Consultations are VERY important.  It allows for assessment, discussion, work and discovery by both the singer AND the teacher.  It gives an opportunity to find out whether this will be a worthwhile match.

I have paid for consultations and recognized I paid to find out that that particular teacher was someone I would not be going back to.  Ever.   It was an investment in KNOWLEDGE.

IT HAPPENS.

It allows for a slice of truth before you commit.

And simply, if the teacher is making time for you - this is their profession!  They are paid for their TIME.  Why should they give their time away to someone they have no history with and do not know?

Sadly, I have known singers over the years who try to "get the freebie" and never go back - they just wander from class to class/teacher to teacher to get freebies and one-time offers - thinking this method is going to illuminate them!!!  WRONG.

What it does is expose them for what they are: cheap and uninspired and leaches.

As a singer working with a private teacher or coach, you should always be offered a consultation first.  If a teacher or coach doesn't do this (for a fee) and expects you simply to "sign up" that is a red flag.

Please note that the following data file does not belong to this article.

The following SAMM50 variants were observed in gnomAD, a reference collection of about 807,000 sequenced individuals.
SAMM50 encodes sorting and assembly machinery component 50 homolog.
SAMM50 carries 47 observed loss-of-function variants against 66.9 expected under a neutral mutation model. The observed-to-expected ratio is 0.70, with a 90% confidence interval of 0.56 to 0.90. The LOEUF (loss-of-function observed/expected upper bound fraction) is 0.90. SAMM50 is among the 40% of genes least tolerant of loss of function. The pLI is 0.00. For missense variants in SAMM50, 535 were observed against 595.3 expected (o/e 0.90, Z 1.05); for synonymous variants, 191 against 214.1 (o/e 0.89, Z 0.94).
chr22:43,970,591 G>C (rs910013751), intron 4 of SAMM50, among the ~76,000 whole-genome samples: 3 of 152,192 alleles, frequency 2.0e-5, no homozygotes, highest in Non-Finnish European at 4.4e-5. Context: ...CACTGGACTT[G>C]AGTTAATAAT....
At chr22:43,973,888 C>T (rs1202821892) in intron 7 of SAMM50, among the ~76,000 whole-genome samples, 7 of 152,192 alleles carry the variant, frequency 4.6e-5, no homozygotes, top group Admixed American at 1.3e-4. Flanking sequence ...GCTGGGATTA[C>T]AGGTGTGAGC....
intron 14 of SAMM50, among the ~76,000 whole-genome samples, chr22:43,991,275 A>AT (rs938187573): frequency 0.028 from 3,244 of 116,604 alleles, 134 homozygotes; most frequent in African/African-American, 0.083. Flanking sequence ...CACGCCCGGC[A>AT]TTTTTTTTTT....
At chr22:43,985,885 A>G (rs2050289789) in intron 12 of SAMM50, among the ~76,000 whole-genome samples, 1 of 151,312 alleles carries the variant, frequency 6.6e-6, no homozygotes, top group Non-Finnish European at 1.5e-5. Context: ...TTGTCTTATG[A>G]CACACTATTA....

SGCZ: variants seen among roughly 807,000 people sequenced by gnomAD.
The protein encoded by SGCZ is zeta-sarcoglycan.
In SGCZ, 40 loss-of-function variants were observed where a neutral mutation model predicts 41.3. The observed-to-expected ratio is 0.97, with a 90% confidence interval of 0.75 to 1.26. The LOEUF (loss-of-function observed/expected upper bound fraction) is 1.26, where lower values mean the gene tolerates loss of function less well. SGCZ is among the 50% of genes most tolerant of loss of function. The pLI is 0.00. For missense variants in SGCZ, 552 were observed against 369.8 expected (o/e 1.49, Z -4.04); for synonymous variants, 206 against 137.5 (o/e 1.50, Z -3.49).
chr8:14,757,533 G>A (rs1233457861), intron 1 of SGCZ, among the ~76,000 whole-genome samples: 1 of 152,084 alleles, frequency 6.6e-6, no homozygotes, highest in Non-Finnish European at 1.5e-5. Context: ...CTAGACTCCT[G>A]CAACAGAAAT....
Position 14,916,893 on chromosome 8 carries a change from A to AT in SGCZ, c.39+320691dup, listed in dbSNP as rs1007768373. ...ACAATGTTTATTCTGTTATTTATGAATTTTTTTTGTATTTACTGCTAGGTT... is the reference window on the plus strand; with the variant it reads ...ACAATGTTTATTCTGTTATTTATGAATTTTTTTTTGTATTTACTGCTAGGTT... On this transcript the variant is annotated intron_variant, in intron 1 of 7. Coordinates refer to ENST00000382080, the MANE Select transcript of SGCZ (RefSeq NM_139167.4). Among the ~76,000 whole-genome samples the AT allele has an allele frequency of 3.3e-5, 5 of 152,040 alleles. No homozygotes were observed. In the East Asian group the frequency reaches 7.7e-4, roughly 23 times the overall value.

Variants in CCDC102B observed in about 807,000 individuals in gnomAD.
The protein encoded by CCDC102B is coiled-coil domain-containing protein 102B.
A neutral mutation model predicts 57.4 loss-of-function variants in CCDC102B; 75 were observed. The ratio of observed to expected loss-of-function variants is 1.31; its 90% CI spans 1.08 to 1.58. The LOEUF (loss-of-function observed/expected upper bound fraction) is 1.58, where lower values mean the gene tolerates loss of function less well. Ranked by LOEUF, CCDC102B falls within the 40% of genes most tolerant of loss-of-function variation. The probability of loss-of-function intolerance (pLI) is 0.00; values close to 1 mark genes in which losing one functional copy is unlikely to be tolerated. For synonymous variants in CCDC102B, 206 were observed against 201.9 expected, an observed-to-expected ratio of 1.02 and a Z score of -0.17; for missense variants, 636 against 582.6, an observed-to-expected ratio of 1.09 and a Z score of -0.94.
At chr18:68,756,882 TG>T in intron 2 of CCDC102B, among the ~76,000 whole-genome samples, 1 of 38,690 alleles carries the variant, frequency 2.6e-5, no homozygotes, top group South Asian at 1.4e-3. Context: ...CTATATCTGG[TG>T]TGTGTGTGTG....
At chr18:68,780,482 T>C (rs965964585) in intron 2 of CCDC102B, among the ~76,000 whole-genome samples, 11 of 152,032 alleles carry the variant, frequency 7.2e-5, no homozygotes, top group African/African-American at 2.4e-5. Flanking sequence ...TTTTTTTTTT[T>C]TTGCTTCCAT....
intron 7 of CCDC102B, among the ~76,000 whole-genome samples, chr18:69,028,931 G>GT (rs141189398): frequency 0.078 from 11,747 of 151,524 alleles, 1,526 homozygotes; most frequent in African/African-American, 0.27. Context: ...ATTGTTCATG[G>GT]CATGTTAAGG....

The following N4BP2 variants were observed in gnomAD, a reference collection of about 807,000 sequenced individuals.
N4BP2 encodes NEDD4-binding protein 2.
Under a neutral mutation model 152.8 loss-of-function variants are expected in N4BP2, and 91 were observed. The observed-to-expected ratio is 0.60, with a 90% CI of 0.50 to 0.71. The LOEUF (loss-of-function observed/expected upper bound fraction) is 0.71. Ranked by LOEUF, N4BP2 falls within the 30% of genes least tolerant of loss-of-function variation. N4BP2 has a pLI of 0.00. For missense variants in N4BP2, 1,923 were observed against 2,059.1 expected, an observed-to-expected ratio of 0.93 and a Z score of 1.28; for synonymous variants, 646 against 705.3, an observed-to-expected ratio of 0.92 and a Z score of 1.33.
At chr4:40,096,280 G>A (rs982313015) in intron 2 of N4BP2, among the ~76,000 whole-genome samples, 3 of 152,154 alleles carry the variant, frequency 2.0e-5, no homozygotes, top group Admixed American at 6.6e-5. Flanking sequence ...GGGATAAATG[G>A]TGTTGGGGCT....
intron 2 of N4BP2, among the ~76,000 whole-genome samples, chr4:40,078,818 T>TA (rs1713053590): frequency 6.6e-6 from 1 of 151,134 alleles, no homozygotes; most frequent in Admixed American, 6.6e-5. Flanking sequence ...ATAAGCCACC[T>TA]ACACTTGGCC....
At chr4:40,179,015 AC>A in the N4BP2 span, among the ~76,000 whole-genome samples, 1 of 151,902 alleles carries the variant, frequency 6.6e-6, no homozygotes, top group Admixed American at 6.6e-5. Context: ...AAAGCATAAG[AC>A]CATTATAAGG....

You cannot begin something untested.  This is just not a good idea.  Even if the teacher is highly recommended and works well for many - it might not be a good fit for the two of you!

Singers, do not apologize for asking for the details of the studio policy! And teachers, do not apologize for having one!

I have learned, after many years of doing this,  that if a singer has the audacity/stupidity/nerve - call it what you will - to ASSUME in conversation or an email or voice mail that the consultation is complimentary - that I am not there to educate them in decorum.  Good luck with your teacher search.

If you are assuming a freebie, I don't respond well to those ethics from the get-go and we might not be a good match anyway.

I have often worked out specials for ongoing singers who study with me long term and refer singers to me.  The breaks come when a relationship is established and an acknowledgement is made!  But again, that is MY studio and how I run it.